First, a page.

It's clear that preventing an intrusion early -- before the need for costly remediation -- is the best, and cheapest, practice for fighting APTs. In 60% of cases, attackers are able to compromise an organization within minutes, but it takes most businesses nearly 200 days to detect a breach on their network, which means remediation costs skyrocket.

Detecting the evasive
Attackers still possess the edge, particularly in zero-day exploits, despite considerable security investment. Traditional cybersecurity software applications often become counter-productive by identifying malicious threats and analyzing the questionable behavior within the threat's target environment.

To keep ahead of prevention itself, you need an elegant security protection architecture that is evasion-proof.

By systematically scanning for hidden code instructions instead -- or any other commands that might indicate malicious intent -- an evasion-proof architecture will not open or execute incoming files. By looking at the code verses the exploit within, no doomsday device will be set off and the platform can catch any suspicious code, place it in quarantine and review at a later time.

Ultimately, no malicious code can "evade" detection because it never gets a chance to execute itself.

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Similarly, such a platform would analyze and interpret script by using a proprietary limited interpreter, that evaluates every single statement line by line. Every possible flow of execution, including conditional branches are being exposed and normalized.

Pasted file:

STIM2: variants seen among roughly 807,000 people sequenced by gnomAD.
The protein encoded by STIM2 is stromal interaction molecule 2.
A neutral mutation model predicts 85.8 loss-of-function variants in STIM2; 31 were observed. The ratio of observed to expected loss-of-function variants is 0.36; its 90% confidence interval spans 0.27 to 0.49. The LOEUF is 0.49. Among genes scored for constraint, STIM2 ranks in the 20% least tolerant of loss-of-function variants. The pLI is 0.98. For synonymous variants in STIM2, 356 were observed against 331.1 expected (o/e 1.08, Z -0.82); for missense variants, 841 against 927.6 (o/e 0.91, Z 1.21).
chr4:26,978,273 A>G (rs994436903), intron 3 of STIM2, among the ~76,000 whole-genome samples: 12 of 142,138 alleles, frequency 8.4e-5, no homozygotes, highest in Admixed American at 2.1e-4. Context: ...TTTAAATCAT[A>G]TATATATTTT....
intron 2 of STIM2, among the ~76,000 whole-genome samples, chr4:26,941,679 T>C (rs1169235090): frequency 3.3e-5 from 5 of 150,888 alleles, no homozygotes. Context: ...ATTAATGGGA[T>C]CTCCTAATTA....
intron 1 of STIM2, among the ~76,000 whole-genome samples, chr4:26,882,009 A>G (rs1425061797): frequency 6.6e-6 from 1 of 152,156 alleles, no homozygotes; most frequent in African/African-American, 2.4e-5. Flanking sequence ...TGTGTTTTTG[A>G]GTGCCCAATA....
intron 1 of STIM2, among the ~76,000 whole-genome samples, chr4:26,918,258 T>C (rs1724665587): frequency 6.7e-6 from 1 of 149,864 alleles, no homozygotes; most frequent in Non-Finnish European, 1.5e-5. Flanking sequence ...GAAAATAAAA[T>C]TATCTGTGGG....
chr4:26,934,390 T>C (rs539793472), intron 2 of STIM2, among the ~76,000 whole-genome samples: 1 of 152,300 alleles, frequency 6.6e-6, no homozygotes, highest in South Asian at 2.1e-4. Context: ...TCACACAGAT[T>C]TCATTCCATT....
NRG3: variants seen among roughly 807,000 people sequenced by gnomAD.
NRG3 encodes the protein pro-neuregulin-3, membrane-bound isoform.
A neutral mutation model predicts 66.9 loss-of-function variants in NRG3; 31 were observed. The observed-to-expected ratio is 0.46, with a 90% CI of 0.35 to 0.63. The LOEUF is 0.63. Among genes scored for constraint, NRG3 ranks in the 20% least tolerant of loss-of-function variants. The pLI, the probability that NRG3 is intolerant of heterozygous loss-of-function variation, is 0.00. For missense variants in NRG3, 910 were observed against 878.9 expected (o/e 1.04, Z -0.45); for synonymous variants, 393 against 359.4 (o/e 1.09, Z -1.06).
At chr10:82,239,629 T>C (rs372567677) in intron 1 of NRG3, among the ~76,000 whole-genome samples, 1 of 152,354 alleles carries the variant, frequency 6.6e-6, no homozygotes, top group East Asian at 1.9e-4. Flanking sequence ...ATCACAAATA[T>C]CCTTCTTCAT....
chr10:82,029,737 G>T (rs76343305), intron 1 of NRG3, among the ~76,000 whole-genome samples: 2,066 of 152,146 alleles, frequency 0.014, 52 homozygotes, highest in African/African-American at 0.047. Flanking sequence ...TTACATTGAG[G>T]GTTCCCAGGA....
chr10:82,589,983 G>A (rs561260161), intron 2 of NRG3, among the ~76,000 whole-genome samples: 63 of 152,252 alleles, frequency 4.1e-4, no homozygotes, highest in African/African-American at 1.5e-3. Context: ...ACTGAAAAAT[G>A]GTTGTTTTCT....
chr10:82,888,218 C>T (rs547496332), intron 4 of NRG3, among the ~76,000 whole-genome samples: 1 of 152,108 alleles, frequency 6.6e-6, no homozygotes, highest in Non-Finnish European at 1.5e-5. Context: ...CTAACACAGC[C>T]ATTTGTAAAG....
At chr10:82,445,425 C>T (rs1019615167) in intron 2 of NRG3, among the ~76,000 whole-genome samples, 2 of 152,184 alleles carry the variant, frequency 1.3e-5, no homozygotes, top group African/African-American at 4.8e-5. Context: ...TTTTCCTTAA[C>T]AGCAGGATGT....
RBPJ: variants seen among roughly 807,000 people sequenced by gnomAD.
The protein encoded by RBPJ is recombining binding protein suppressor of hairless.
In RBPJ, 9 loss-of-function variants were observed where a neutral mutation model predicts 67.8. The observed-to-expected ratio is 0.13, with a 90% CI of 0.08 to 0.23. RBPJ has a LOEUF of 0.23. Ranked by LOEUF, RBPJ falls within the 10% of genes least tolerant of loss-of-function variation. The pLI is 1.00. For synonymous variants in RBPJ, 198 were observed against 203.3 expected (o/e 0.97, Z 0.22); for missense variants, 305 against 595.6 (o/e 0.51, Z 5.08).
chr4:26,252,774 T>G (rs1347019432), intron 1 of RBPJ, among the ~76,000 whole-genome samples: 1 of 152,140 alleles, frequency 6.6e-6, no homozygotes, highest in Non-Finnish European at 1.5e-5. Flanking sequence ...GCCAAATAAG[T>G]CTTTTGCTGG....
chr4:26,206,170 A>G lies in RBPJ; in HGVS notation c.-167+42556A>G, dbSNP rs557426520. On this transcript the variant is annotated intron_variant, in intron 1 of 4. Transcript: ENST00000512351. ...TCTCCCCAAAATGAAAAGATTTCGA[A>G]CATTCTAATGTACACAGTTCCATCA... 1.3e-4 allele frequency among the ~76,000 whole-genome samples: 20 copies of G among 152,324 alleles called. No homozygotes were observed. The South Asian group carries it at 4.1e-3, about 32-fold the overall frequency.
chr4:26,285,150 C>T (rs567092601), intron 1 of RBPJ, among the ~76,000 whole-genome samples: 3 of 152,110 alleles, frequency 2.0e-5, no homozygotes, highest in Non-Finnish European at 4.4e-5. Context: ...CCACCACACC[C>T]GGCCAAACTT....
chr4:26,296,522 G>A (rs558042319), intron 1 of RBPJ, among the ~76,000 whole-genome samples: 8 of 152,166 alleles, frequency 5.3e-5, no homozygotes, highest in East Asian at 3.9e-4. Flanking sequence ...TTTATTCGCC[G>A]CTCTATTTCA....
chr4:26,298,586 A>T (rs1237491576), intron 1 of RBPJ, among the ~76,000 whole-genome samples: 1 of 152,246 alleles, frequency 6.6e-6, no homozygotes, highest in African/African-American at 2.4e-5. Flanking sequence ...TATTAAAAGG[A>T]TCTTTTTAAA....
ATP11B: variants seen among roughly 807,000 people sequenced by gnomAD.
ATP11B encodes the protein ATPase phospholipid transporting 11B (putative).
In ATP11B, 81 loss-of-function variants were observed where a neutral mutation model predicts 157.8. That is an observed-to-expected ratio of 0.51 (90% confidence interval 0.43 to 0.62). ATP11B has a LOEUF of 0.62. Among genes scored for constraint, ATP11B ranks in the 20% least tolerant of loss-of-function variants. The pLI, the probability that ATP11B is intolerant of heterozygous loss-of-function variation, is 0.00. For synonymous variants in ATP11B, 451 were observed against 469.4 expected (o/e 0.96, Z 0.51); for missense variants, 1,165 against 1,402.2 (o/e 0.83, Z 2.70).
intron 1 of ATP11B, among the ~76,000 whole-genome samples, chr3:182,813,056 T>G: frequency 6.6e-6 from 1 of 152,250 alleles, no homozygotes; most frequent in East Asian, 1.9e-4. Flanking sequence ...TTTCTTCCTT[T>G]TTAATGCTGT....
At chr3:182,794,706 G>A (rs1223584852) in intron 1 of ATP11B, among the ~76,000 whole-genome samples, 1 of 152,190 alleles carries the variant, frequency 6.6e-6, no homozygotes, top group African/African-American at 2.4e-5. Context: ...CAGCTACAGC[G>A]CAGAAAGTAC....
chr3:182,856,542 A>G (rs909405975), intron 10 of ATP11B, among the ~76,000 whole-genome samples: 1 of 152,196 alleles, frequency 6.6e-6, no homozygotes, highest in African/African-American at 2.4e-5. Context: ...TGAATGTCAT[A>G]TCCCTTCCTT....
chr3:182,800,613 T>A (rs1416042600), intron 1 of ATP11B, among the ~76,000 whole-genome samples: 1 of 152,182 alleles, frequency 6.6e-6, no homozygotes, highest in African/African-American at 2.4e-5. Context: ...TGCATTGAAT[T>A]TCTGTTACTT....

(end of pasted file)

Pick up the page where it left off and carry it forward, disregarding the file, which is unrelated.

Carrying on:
When it comes to malicious URLs, the platform could accurately detect and differentiate between hyperlinks and automatically invoked remote objects, yielding information on the purpose of every remote object, and its behavior. It would determine the type of embedding used, even without the need to fetch the actual remote file or object, figure out its level of maliciousness in real time, and block even the most evasive malware.

Why worry about scores based on heuristics or behaviors or false-positive or false-negatives when you can get a deterministic outcome with detailed meta data for deep forensic analysis?

By not relying on underlying technology stack variations or requiring a carefully curated environment for runtime analysis, an evasion-proof architecture is incredibly effective in stopping today's attacker whether known or unknown, and is, as such, future ready as well.

Boris Vaynberg is CEO and a co-founder of Solebit. His previous experience includes positions at Elbit Systems' Intelligence and Cyber Solutions division and Comsec Consulting's Information Security division. He also served for six years in an elite technology unit of the Israel Defense Forces (IDF). .

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About the Author(s)

Boris Vaynberg

CEO and co-founder of Solebit

Boris Vaynberg is CEO and a co-founder of Solebit. His previous experience includes positions at Elbit Systems' Intelligence and Cyber Solutions division and Comsec Consulting's Information Security division. He also served for six years in an elite technology unit of the Israel Defense Forces (IDF).